PubDate: 2014-09-11
  • Gender, Order and Discipline in Early Childhood Education
    • Abstract: In early childhood education, children’s daily practice revolves to a great extent around order and discipline. Drawing on ethnographic fieldwork from a Swedish preschool class, the present study further explores how the task of being a teacher’s assistant can be critically understood in terms of how gender, discipline and order are expressed in different duties in daily practice. The children in the investigated preschool class are encouraged to conform to rules of order and discipline by assisting the teachers with different tasks; in the present study, children who play this role are called teacher’s assistants. The results show that both boys and girls conform in the role as a teacher’s assistant. Another way of establishing order and discipline is to place girls next to noisy boys. This duty, which is defined here as serving as a damper, is reserved for the girls’ only, in contrast to the teacher’s assistant task.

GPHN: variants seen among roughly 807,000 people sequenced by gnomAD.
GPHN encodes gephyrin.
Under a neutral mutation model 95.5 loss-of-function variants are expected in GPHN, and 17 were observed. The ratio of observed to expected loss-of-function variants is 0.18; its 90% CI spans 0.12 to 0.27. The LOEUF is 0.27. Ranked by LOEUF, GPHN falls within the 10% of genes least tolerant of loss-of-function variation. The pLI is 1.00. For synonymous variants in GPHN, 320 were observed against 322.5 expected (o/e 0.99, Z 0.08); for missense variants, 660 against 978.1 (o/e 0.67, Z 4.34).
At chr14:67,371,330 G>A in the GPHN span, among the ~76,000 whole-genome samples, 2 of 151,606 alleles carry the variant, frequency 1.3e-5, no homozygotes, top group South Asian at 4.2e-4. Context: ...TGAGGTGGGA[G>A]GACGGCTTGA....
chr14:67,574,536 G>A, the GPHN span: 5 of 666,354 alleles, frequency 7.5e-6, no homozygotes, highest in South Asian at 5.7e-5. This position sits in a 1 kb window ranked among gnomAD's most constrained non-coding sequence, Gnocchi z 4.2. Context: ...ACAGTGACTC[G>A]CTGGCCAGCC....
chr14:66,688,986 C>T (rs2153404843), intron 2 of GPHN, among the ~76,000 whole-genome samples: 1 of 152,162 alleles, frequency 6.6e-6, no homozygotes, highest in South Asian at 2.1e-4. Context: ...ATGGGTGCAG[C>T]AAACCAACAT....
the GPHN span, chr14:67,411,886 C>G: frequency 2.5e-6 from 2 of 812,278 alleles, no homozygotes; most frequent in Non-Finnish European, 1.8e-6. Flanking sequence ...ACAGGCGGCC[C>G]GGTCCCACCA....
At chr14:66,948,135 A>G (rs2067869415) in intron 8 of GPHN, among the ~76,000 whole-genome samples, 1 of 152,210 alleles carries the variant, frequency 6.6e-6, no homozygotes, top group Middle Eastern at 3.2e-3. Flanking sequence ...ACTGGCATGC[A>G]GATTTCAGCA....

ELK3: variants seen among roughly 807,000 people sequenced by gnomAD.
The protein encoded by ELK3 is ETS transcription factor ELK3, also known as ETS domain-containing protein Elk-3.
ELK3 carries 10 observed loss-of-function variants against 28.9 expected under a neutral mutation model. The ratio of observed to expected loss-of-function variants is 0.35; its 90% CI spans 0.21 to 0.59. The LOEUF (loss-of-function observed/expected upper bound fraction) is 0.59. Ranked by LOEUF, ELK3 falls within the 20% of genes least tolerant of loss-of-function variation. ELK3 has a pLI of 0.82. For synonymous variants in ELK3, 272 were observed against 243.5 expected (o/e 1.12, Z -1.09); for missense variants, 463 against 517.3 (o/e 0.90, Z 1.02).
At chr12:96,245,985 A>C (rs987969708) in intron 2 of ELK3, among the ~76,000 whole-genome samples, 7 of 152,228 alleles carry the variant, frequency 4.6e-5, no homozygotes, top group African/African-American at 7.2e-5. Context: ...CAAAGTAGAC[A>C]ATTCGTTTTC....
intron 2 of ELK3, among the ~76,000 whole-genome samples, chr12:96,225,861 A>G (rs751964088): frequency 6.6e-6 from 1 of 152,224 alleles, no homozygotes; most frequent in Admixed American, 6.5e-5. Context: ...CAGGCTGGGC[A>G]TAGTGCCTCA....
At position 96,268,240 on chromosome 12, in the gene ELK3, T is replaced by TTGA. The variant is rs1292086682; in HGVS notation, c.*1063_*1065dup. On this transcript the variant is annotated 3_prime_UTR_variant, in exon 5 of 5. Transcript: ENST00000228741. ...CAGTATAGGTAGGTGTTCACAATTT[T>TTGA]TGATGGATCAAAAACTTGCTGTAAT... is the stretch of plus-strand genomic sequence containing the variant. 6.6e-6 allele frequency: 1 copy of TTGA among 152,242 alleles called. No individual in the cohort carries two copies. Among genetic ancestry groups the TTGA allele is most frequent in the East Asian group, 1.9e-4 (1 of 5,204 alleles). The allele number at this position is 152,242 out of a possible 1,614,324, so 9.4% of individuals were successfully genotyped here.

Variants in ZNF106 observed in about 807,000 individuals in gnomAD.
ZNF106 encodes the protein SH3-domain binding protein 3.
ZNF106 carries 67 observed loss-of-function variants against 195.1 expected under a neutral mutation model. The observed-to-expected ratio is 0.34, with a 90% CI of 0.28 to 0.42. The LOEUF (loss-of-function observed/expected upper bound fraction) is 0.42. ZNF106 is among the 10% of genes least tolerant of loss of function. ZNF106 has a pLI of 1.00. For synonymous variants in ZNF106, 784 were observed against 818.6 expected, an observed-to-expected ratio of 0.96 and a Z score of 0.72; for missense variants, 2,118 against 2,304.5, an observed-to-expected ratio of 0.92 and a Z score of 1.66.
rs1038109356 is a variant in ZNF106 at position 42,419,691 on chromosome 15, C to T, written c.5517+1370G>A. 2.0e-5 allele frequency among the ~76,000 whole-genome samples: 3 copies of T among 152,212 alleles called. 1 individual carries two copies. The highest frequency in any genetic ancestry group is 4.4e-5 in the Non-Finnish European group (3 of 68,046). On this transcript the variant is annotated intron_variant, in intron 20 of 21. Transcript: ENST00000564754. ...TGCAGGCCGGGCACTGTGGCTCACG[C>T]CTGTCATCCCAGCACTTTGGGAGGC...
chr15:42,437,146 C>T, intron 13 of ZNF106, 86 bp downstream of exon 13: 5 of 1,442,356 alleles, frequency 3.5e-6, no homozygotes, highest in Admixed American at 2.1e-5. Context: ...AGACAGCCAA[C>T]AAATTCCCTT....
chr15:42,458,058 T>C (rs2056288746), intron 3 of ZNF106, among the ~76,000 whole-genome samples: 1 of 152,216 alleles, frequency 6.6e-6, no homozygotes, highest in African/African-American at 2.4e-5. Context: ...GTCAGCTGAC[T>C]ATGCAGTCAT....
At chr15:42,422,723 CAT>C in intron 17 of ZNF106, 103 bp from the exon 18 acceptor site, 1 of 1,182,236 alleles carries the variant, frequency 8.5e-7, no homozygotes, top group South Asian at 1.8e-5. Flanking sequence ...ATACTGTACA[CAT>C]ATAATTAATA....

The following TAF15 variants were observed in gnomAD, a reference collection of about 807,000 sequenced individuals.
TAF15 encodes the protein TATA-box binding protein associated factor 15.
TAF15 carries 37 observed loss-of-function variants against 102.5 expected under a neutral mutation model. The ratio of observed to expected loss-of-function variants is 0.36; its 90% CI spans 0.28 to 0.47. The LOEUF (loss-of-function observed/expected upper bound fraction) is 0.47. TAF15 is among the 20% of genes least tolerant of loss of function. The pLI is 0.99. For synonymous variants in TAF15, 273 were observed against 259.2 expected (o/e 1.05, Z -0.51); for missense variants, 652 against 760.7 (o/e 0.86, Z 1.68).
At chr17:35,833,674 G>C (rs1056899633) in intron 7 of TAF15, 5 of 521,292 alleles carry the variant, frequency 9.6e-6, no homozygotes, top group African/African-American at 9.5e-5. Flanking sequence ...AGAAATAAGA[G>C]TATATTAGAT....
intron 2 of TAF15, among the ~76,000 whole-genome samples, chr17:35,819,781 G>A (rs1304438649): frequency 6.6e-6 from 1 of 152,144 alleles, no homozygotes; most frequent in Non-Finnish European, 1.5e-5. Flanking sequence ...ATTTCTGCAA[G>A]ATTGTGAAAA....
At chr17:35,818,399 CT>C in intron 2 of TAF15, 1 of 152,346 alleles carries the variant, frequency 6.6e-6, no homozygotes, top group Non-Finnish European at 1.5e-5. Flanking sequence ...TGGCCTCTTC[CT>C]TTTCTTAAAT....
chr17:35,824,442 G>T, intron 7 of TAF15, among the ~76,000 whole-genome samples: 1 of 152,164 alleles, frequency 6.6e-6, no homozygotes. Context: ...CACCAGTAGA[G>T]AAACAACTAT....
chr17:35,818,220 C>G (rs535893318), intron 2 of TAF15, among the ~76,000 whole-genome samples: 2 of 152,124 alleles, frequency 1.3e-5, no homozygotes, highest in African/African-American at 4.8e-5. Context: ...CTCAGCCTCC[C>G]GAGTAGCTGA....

PubDate: 2014-09-10
  • “No Silly Girls’ Films!” Analysis of Estonian Preschool
           Children’s Gender Specific Tastes in Media Favourites and their
           Possible Implications for Preschool Learning Practices